Currently, it takes three or more years to get a patent. That length of time is a significant disadvantage for businesses because of the inherent uncertainty of not knowing when or whether a patent will issue and what effect the passage of time will have on the value of that invention. Happily, the US Patent and Trademark Office now has two alternative routes for getting a patent within one year of the filing date of an application – assuming the invention described in the application is patentable at all: Track 1 and Accelerated Examination. Track 1 is a relatively new procedure; Accelerated Examination has been in use for almost five years. Which route should you choose?
Track 1 is straight-forward. Essentially, the applicant pays a fee for priority examination on top of the other filing fees, and, as long as that applicant sticks to the prosecution schedule and meets a few other requirements, he is spared enduring the long, barren wasteland of time currently encountered between the filing of an application and the moment that application is taken up by an examiner. That time, often two years or more, essentially disappears from what then is otherwise much like the usual prosecution schedule. There are a few requirements of course:
- the application may contain no more than 30 claims of which no more than four may be independent claims (and no multiple dependent claims);
- the application must be complete on filing – and filed electronically, of course – although the applicant may subsequently file a preliminary amendment; and
- a request for an extension of time to respond to an office action or suspension of prosecution causes the application to jump Track 1 and thereafter be handled in the usual manner.
And did I mention the additional fee? The priority fee is $4800 for large entities; $2400, for small entities (there are no microentity fees as yet for Track 1 applicants). Applicants also have to pay the publication fee on filing even if they request non-publication of their applications. The word “tip” means “to insure promptness,” so just think of the $4800 as a tip, that is, if you can think of $4800 as a tip.
The Track 1 application may be an original application, a continuation application, or a divisional application, but not a national phase application coming off a PCT application (which leaves open the question as to whether you can choose Track 1 for a “bypass application” under section 111(a), but I digress). Patent prosecution, other than encouraging use of telephone interviews, operates in much the same manner as in the current process.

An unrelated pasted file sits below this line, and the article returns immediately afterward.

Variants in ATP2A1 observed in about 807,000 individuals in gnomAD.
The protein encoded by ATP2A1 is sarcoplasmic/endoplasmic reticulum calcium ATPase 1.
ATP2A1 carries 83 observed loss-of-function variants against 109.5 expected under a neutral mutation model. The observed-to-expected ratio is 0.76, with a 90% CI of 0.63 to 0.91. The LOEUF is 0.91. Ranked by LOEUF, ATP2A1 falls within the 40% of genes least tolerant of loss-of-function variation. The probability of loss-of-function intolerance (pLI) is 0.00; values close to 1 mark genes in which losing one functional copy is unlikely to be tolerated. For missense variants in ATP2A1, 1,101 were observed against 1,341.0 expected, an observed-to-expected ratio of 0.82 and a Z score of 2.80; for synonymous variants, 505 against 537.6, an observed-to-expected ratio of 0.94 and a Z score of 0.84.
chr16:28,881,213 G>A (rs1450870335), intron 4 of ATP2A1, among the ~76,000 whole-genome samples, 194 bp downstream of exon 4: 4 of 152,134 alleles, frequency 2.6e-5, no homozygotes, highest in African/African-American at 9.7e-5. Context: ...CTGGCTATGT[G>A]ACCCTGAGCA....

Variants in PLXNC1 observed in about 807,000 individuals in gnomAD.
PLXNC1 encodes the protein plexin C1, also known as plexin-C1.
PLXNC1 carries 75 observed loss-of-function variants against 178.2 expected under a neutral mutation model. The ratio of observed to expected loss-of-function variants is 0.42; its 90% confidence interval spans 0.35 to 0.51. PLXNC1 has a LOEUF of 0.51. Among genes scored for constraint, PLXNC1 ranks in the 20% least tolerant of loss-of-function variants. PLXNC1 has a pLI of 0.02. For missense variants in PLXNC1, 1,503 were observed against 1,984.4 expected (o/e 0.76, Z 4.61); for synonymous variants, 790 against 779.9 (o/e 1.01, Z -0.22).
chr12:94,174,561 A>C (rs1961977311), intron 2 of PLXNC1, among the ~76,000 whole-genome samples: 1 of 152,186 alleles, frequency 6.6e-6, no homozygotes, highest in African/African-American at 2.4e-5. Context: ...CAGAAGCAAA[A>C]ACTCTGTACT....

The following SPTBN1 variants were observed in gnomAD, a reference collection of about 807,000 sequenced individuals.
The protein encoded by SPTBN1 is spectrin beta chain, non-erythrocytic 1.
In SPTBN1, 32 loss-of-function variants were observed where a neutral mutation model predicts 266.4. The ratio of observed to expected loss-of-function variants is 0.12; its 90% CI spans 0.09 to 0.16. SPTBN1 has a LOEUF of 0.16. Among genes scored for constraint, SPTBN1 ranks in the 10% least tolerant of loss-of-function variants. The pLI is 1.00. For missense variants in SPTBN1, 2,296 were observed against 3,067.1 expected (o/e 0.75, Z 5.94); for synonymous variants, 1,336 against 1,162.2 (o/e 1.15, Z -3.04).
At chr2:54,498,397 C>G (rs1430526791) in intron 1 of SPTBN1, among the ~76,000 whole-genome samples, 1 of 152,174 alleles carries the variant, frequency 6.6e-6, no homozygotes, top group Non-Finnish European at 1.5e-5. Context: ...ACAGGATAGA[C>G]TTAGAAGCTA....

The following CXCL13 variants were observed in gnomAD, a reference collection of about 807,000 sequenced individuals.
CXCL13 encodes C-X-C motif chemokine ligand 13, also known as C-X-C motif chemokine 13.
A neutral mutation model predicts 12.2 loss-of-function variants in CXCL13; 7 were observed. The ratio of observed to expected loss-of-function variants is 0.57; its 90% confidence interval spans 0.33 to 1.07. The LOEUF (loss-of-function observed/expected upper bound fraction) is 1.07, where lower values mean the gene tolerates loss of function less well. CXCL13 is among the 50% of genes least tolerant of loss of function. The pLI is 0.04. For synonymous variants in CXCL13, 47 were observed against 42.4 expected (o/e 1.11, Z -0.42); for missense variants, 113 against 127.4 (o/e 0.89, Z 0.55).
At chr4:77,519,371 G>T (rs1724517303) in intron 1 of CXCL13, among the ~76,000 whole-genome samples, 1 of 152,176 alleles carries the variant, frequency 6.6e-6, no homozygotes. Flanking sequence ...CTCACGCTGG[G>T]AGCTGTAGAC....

The alternative to Track 1, Accelerated Examination, is quite a bit different. The applicant essentially performs his own first office action and files it with his application. This first office action is in the form of two documents: an Accelerated Examination Pre-examination Search Report, describing the search logic and databases searched, and an Accelerated Examination Support Document, describing what the prior art teaches.
From these two documents, Patent Office examiners should be able to tell whether the applicant searched in the right places so as to be likely to find the closest prior art and evaluated fairly the closest references he found. The application is then passed to a third examiner who determines if the claims are allowable or not.
An interesting dynamic occurs in Accelerated Examination that does not occur in routine patent prosecution. Review of the applicant's search report document by two Patent Office examiners eliminates the possibility that the third examiner will use hindsight. As a result, prosecution moves along with minimal effort.
The usual patent examination process begins with construction of the claims by the examiner, followed by the examiner’s search. If the closest prior art reference found does not contain all the elements and limitations, the examiner will look for art that does contain them. He will combine the references in rejecting the claims for obviousness and needs only to provide a reason for justifying the combination. Although the examiner will provide a reason for the combination, the immediate reason for the combination is because there were limitations in the claims that were not in the closest prior art. The applicant will respond to an obviousness rejection with amendments and arguments. This process is inherently polarizing and it is difficult, despite the best intentions of both parties, to avoid that polarization. Moreover, polarization tends to feed on itself making prosecution often unproductive.